Midwest Collegiate Conference
|Midwest Collegiate Conference
|Sports fielded||17 (men's: 8; women's: 9)|
|Region||Midwestern United States
|Former names||Midwest Catholic Conference (1988–1989)
Midwest Classic Conference (1989–2007)
The Midwest Collegiate Conference (MCC) is a college athletic conference, consisting of ten colleges and universities located in Iowa and Wisconsin. Founded in 1988, the conference's member schools compete on the NAIA level in 17 different sports.
Members Ashford University and Waldorf College were voted out of the conference on May 17, 2011, effective at the end of the 2011-12 season. On October 14, 2011, Iowa Wesleyan College announced they would join National Collegiate Athletic Association's Division III.
The following teams are currently members of the Midwest Collegiate Conference.
|AIB College of Business||Des Moines, Iowa||Eagles||1921||Private||1,000||2010|
|Clarke University||Dubuque, Iowa||Crusaders||1843||Private/Roman Catholic||1,230||1988|
|Grand View University||Des Moines, Iowa||Vikings||1896||Private/Lutheran (ELCA)||1,750||1989|
|Mount Mercy University||Cedar Rapids, Iowa||Mustangs||1928||Private/Roman Catholic||1,490||1988|
|Saint Ambrose University||Davenport, Iowa||Fighting Bees (men's)
Queen Bees (women's)
|Viterbo University||La Crosse, Wisconsin||V-Hawks||1923||Private/Roman Catholic||2,991||1988|
|William Penn University||Oskaloosa, Iowa||Statesmen (men's)
Lady Statesmen (women's)
Note: Clarke University left the conference in 1996 but returned in 2007.
|Ashford University||Clinton, Iowa||Saints||1918||Private||500||1988||2012||Independent|
|Edgewood College||Madison, Wisconsin||Eagles||1927||Private/Catholic||2,000||1988||1989||Northern (NAC)
(NCAA Division III)
|Iowa Wesleyan College||Mount Pleasant, Iowa||Tigers||1842||Private/United Methodist||975||1995||2012||NCAA Division III Independent|
|Marycrest International University||Davenport, Iowa||Eagles||1939||Private/Teikyo Yamanshi Education||N/A||1988||2002||The college closed its doors at the end of the 2001-2002 school year.|
|Waldorf College||Forest City, Iowa||Warriors||1903||Private/Lutheran (ELCA)||650||2003||2012||MCAC|
The Midwest Collegiate Conference oversees the following sports:
- Men and women: basketball, cross country, golf, soccer, and Track and field
- Women only: softball and volleyball
- Men only: baseball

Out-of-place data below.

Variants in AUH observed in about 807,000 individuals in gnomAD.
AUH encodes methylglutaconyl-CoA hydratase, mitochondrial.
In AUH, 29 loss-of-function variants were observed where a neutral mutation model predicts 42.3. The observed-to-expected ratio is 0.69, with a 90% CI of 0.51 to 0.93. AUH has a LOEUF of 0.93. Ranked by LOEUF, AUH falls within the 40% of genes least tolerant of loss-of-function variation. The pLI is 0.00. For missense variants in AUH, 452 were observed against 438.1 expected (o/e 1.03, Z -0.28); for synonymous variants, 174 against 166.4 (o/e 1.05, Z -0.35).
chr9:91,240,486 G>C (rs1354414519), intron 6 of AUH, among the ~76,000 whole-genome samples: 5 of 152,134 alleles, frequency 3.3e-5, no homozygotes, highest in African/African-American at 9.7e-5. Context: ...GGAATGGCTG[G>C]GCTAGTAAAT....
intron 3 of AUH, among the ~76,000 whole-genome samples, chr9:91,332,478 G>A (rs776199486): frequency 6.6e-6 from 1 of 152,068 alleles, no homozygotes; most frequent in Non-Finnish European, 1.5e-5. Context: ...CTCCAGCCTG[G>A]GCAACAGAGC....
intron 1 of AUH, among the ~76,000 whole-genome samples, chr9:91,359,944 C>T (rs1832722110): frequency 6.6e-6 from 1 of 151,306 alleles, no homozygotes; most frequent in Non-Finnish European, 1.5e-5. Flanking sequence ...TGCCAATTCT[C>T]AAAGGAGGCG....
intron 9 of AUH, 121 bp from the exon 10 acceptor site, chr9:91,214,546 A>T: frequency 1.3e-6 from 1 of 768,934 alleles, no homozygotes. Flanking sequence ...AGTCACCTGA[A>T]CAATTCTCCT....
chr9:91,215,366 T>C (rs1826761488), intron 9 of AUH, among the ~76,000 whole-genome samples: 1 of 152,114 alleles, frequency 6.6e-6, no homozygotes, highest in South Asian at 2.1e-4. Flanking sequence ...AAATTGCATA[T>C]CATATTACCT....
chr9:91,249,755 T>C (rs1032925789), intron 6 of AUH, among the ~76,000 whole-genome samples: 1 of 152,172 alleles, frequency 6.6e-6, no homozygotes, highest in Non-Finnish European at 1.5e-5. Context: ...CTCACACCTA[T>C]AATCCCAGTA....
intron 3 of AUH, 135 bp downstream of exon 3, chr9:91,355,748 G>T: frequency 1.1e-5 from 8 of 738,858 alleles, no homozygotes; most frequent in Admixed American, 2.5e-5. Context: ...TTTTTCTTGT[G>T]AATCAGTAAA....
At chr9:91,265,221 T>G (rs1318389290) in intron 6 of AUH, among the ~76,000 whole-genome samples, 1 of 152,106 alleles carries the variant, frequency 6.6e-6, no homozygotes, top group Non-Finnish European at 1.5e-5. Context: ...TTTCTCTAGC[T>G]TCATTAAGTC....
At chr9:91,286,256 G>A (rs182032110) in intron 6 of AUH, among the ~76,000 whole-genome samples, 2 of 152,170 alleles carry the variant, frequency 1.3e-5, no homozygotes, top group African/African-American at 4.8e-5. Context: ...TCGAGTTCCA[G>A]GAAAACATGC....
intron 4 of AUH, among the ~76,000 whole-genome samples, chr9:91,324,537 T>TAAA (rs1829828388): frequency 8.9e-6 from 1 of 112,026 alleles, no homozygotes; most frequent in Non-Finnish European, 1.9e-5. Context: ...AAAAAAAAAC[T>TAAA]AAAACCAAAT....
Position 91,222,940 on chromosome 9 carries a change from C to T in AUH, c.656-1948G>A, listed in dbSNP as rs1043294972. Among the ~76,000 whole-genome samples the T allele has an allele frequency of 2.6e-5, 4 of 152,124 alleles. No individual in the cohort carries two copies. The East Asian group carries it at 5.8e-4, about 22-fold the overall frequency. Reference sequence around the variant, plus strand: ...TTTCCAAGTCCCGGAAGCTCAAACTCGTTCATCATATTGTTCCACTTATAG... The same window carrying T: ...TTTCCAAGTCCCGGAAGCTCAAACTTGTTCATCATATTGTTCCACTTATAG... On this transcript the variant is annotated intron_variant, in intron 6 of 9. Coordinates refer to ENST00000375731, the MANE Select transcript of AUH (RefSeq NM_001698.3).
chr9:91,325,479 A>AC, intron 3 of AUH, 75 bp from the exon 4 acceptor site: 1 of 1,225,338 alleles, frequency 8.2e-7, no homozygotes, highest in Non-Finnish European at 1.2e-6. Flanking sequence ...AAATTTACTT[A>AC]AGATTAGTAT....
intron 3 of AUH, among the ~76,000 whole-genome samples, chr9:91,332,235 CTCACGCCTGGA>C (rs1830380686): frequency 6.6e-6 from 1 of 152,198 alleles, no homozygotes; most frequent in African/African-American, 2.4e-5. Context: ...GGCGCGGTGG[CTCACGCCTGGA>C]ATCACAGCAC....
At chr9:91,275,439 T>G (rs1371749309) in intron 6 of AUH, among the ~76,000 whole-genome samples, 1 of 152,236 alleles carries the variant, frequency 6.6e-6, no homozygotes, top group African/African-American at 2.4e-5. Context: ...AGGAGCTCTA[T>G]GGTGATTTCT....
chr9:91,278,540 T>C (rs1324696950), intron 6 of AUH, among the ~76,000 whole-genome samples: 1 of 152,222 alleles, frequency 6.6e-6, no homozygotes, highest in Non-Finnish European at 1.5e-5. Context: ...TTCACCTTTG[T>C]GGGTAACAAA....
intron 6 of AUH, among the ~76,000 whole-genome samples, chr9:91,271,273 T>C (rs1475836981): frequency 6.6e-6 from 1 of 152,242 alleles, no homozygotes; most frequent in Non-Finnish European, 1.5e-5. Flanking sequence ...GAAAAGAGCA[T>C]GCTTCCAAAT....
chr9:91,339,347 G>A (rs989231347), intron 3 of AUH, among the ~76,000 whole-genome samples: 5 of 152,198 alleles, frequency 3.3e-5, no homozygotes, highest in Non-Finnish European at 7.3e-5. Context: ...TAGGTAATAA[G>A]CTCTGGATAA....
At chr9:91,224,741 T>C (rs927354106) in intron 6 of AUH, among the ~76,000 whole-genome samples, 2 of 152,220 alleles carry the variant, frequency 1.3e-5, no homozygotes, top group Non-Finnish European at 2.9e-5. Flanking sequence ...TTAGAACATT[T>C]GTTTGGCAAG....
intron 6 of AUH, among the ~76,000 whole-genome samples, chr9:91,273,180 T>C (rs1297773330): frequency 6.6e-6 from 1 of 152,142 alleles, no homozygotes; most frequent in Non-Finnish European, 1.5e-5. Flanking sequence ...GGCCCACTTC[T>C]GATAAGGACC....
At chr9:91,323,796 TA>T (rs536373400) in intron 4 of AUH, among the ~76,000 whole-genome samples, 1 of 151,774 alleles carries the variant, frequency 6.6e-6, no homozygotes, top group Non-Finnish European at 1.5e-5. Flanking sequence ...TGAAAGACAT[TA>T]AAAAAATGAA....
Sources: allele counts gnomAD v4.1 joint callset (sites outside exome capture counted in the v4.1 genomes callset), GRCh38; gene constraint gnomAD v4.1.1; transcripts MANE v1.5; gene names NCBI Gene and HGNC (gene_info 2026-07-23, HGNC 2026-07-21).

- Waldorf College will offer track and field starting the 2011–12 academic year.
Member schools also participate in a number of sports not affiliated with the MCC, including competitive dance, football, tennis, men's volleyball, and wrestling. Several football teams from Midwest Collegiate Conference schools compete in the Mid-States Football Association.
When the Midwest Collegiate Conference was originally formed in 1988, it consisted of six Roman Catholic colleges and universities situated across the Midwestern United States. Dubbed the Midwest Catholic Conference, member schools originally competed in only men's and women's basketball, women's volleyball, and men's soccer.
The charter members of the conference were Clarke University, Edgewood College, Marycrest University, Mount Mercy University, Mount St. Clare College, and Viterbo College. Edgewood College left the conference before the start of the 1989–90 season. With the inclusion of Grand View College that year, the conference changed its name to the Midwest Classic Conference.
Saint Ambrose University's basketball teams joined the conference for the 1990 season, and the school's other sports joined the MCC in 1991. Iowa Wesleyan College joined the conference for the 1995-1996 season. The following year, Clarke University left the MCC to participate in NCAA Division III athletics. William Penn University became a member of the Conference in 2001. Marycrest International University ceased operations after the 2001–02 season. Waldorf College joined the conference for the 2003-2004 season, completing the current nine school lineup. Clarke University returned to the conference in 2007, and the conference has officially taken the name of the Midwest Collegiate Conference.